IAR's Managing Editor Jami Philbrick recently had a chance to sit down with actress Maggie Grace to discuss her work on Lockout. The actress talked about the new movie, its '80s and '90s action film influences, why its not just "Taken in Space," her character and how the part is different from her role in Taken, working with Guy Pearce, the relationship between their characters, the film's humor, working with two directors, and the movie's mind-blowing visual effects.
At WonderCon 2012 in Anaheim, California on Saturday, actress Maggie Grace (Taken, TV's LOST) appeared in front of a Ballroom full of fans to discuss her upcoming futuristic action film Lockout, which also stars Guy Pearce (L.A. Confidential, Don't Be Afraid of the Dark) and was written by Luc Besson (Leon: The Professional, The Fifth Element).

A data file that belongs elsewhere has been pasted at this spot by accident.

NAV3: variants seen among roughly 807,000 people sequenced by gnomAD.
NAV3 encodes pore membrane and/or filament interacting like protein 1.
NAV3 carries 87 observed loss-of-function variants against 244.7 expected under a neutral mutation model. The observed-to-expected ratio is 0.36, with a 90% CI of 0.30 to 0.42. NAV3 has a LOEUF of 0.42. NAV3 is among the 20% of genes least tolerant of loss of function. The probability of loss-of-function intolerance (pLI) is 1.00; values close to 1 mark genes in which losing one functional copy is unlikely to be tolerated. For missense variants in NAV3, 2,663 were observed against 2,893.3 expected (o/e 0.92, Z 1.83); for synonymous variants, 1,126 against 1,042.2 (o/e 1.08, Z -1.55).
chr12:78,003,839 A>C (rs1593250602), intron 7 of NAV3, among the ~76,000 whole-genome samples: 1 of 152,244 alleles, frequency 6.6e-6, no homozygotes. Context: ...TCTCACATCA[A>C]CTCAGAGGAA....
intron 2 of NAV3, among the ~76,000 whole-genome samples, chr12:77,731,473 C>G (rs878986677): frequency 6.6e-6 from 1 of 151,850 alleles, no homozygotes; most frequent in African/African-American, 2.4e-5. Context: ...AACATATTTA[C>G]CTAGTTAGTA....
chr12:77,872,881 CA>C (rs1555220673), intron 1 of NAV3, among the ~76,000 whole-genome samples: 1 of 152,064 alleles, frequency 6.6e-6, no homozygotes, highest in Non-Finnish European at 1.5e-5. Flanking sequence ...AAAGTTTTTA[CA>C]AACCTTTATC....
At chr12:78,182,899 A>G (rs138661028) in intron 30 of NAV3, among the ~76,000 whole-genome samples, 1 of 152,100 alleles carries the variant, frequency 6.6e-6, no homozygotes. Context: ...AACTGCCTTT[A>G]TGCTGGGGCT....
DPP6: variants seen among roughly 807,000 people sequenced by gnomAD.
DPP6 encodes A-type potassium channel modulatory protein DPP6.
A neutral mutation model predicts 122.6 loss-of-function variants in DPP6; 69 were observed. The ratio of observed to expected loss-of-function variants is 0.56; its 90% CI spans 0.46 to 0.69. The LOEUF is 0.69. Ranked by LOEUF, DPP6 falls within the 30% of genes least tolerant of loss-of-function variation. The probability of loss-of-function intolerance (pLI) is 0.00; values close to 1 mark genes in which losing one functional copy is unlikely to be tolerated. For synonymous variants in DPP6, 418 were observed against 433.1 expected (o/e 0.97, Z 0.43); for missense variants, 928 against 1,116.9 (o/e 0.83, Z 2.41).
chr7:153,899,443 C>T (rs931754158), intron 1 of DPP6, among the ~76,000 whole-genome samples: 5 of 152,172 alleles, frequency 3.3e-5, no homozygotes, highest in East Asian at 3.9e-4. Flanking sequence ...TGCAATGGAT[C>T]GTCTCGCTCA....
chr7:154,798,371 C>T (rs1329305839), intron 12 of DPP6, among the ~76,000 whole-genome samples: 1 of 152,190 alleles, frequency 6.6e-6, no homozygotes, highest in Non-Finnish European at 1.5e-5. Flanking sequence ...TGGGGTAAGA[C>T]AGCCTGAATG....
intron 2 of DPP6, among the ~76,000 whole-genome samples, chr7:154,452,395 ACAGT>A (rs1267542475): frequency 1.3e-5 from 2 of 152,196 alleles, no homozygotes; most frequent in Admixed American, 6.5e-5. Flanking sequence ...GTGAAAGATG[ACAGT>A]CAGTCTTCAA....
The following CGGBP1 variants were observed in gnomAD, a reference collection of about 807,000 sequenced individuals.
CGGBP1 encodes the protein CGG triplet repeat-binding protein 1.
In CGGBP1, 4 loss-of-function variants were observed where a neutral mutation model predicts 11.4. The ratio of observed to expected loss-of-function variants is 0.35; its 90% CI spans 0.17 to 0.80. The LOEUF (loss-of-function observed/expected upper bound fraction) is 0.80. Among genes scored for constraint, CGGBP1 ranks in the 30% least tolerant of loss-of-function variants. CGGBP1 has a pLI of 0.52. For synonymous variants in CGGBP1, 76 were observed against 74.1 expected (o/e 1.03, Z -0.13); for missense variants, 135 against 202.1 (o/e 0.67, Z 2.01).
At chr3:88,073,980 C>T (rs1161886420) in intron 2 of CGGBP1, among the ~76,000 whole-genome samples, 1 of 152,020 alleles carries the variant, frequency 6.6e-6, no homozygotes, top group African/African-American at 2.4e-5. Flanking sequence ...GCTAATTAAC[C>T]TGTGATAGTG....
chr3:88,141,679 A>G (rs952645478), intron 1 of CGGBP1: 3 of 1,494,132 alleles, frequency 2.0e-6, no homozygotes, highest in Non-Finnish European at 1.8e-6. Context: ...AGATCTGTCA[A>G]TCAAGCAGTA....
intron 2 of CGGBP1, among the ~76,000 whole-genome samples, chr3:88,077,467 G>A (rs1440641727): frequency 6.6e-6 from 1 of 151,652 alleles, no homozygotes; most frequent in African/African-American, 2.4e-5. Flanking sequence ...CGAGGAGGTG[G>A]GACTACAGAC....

IAR's Managing Editor Jami Philbrick had a chance to speak with Maggie Grace before her panel on Saturday about Lockout, as well as the upcoming Taken sequel. Grace discussed her new film, the idea that it is "Taken in Space," working with directing duo James Mather and Stephen St. Leger, Guy Pearce kicking ass, and the plot of Taken 2, which involves Grace's character actually rescuing Liam Neeson and Famke Janssen's characters this time around.
Best known for his career-defining role as Michael Dawson on the phenomenally successful TV series LOST, actor Harold Perrineau has been giving impressive performances on television and in film for more than twenty years. The gifted actor has appeared in such popular movies as Smoke, Romeo + Juliet, 28 Weeks Later, and The Matrix Trilogy, as well HBO’s ground breaking TV series Oz, and ABC’s short-lived but critically acclaimed series The Unusuals. While Perrineau will return to television this summer on the new TBS series The Wedding Band, first he will be seen on the big screen opposite Oscar-winner Nic Cage, and Guy Pearce in Seeking Justice, which will open in theaters on March 16th.